Links round-up

Hi all,

My traditional intro usually consists of some mild gloating about the weather wherever I happen to be sitting on that particular Friday (today, windy and miserable as I look out on a half-destroyed garden after overnight storms), chat about the cricket (today, the crushing realisation that Sri Lanka have consecutively lost to Afghanistan and Bangladesh by around 100 runs in the Asia Cup); and some comment about either birds or books (today, I’ve just watched a blackbird rip a slug into several pieces and leave half on my garden table). So with all my usual topics variously distressing, straight into the links.

 1.       I really wish I’d seen this last week when I was covering the latest outbreak of cash transfer navel-gazing: an excellent, measured and carefully judged piece by Andrew Zeitlin and Craig McIntosh which explains what you can and cannot conclude from the ‘cash benchmarking’ exercise USAID undertook recently. It’s worth reading in full and might change your mind about what intervention makes more sense – and the merits of comparing them directly. They point out that while neither intervention moved the needle on nutrition much, both had other positive effects, and different ones. The nutrition programme improved knowledge about health practices and savings; the cash led to lower debt and greater asset ownership. More interestingly, they point out that the kind of gains that the nutrition programme made were likely scale up (everyone having better health knowledge is a good thing); but there were signs that some of the cash gains might be reversed if the programme went to scale. It’s a great piece that highlights exactly how much nuance is lost in the headlines.  

2.       This week in ‘1980s Popular Culture Lied to Me’: apparently, Pretty in Pink is lies, lies, lies. You know how Andie and Ducky have a horrible time in their rich-kid dominated school, and James Spader’s character (the least convincing teenager in film history, surely)? Well, in a post apparently calculated to destroy a crucial part of my adolescence, Susannah Hares says that this just isn’t want happens. Apparently, forcing rich schools to accept poor kids increases social cohesion and pro-social behaviour at no cost to learning outcomes. This may be the case, but does all this positivity produce a soundtrack like this? I think not (yeah, I know, the video. It was the ‘80s).

3.       I know I link to Planet Money every week, but this one is ridiculously good: they go to a convention of US Central Bankers to ask them why traditional central bank levers like interest rate manipulations seem to have lost their bite. They get some extremely high quality evasion from the kind of people who know that their facial expressions are enough to trigger currency runs. But just when you think you’re getting nowhere, they strike gold, with John Van Reenan and Raghu Rajan spinning theories, much of which has to do with market concentration and the changing nature of the economy (transcript).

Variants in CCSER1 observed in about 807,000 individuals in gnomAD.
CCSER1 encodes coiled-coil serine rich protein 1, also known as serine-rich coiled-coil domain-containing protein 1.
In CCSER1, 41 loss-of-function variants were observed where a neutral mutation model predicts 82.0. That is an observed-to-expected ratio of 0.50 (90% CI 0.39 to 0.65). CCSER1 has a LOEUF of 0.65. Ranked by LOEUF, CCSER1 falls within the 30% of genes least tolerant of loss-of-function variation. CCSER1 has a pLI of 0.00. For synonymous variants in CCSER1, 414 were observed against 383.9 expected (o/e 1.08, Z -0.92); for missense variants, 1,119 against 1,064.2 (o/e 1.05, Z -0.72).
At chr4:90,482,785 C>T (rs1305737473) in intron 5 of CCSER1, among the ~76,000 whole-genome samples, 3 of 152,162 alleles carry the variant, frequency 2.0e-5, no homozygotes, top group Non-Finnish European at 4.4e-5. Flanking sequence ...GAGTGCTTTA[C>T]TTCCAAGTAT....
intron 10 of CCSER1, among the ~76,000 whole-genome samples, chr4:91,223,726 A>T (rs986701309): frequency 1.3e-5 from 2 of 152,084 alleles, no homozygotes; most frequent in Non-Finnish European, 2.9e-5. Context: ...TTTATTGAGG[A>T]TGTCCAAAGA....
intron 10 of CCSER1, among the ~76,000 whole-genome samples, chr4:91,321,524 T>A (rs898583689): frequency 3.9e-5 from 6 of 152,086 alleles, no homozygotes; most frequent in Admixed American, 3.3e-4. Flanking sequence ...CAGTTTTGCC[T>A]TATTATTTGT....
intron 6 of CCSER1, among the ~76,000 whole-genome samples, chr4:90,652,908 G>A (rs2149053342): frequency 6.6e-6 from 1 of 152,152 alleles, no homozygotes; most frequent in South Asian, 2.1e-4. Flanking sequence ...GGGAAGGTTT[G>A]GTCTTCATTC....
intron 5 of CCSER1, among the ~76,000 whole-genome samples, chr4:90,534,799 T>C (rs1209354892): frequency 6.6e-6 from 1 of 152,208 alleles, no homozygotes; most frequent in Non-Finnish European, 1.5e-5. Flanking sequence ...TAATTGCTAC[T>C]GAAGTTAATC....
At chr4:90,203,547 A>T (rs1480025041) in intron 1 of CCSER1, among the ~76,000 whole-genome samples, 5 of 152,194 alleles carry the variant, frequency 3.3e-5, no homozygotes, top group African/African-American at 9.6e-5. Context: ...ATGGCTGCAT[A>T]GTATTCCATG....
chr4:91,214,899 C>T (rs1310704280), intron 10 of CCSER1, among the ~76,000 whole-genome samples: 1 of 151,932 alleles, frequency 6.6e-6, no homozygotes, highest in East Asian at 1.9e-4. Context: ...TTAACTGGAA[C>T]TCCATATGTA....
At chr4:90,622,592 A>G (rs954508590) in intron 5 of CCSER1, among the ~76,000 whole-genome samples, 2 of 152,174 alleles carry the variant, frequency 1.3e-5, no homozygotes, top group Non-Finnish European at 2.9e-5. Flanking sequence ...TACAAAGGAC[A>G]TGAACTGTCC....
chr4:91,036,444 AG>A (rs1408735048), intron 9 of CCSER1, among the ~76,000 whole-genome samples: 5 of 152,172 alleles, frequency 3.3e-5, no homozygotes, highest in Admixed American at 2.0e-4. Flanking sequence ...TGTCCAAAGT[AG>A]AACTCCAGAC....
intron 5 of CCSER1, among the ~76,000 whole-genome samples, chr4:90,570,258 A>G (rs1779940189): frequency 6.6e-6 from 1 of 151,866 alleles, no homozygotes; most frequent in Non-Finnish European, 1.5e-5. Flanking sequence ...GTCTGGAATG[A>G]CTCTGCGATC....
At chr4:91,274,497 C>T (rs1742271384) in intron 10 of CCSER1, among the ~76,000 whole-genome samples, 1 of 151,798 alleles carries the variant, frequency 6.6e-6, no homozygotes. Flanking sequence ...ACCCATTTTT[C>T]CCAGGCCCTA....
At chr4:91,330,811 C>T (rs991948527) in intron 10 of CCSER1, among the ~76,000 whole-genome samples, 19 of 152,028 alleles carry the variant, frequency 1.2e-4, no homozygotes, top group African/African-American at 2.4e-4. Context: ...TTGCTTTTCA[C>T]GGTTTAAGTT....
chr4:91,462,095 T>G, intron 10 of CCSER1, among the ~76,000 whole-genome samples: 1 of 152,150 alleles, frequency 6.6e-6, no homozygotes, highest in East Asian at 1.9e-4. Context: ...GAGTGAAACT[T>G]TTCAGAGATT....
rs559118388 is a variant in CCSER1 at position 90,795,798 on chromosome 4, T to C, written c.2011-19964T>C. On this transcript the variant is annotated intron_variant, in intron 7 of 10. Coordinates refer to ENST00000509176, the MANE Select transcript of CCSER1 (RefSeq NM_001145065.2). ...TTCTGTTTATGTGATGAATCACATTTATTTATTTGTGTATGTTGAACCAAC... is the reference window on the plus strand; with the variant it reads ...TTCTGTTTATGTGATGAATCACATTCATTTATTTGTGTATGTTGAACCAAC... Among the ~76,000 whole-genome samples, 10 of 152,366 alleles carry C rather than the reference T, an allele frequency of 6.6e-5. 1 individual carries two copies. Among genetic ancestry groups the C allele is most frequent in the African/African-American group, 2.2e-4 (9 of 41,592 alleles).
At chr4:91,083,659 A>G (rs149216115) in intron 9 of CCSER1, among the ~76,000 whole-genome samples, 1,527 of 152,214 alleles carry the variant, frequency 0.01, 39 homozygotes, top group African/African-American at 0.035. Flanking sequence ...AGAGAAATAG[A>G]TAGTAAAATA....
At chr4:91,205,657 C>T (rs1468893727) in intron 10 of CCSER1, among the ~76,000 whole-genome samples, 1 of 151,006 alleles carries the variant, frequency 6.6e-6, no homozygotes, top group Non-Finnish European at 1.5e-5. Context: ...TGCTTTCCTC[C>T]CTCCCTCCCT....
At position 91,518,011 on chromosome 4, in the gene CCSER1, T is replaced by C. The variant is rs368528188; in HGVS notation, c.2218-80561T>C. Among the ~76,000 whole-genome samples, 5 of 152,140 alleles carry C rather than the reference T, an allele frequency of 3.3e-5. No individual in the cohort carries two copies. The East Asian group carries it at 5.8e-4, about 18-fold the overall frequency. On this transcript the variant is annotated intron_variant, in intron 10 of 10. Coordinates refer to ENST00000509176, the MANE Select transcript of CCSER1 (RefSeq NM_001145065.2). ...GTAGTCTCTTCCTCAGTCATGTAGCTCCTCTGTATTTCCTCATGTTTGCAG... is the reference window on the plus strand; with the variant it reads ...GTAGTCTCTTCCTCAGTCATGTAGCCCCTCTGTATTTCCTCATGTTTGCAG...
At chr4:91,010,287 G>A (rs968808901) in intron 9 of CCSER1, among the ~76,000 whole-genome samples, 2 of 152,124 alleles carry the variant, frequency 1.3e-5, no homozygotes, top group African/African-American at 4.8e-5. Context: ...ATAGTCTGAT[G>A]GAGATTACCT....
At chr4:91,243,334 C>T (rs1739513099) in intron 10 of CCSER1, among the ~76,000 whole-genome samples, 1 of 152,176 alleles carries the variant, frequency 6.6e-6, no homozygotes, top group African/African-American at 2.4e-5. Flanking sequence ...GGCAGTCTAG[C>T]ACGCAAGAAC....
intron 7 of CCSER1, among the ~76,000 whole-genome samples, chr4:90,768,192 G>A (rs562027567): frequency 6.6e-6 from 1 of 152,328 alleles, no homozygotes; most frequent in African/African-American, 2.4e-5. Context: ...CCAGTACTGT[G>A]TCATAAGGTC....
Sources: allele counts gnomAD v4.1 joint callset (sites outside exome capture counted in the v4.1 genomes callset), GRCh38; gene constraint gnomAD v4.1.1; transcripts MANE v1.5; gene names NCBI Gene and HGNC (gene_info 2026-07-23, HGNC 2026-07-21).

4.       The latest Commitment to Development Index is out and finds Europe dominating the top ten. A deeper dive into how trade features in the CDI here.

5.       This one would have kicked off a blogosphere explosion ten years ago, but will now be treated as confirmation of a widely-held view: a proper evaluation of the Millennium Village Project in Ghana has had very mixed results, with its technocratic approach to progress and its cost effectiveness particularly in question. It still really bothers me that proper evaluation was made so difficult from the get-go.

6.       This week in ‘that Guardian headline saying that the colour of your shoes can make you eat up to four portions more per meal is bad science’: a researcher at Cornell had thirteen papers retracted over academic malpractice. It’s actually a really sad story that has cost someone (probably several people) a job; but there’s a reason I don’t believe anything in the papers about the benefits of certain foods or diets.

7.       And finally, the first trailer for Captain Marvel has just dropped, and it is causing me enormous mixed feelings. Not about the movie: the movie is going to be awesome and Brie Larson is so likeable I literally cheered her punching a pensioner. Nope, the problem is that it comes out in March 2019, so I am now simultaneously anxious for and dreading that month.

Have a great weekend, everyone!


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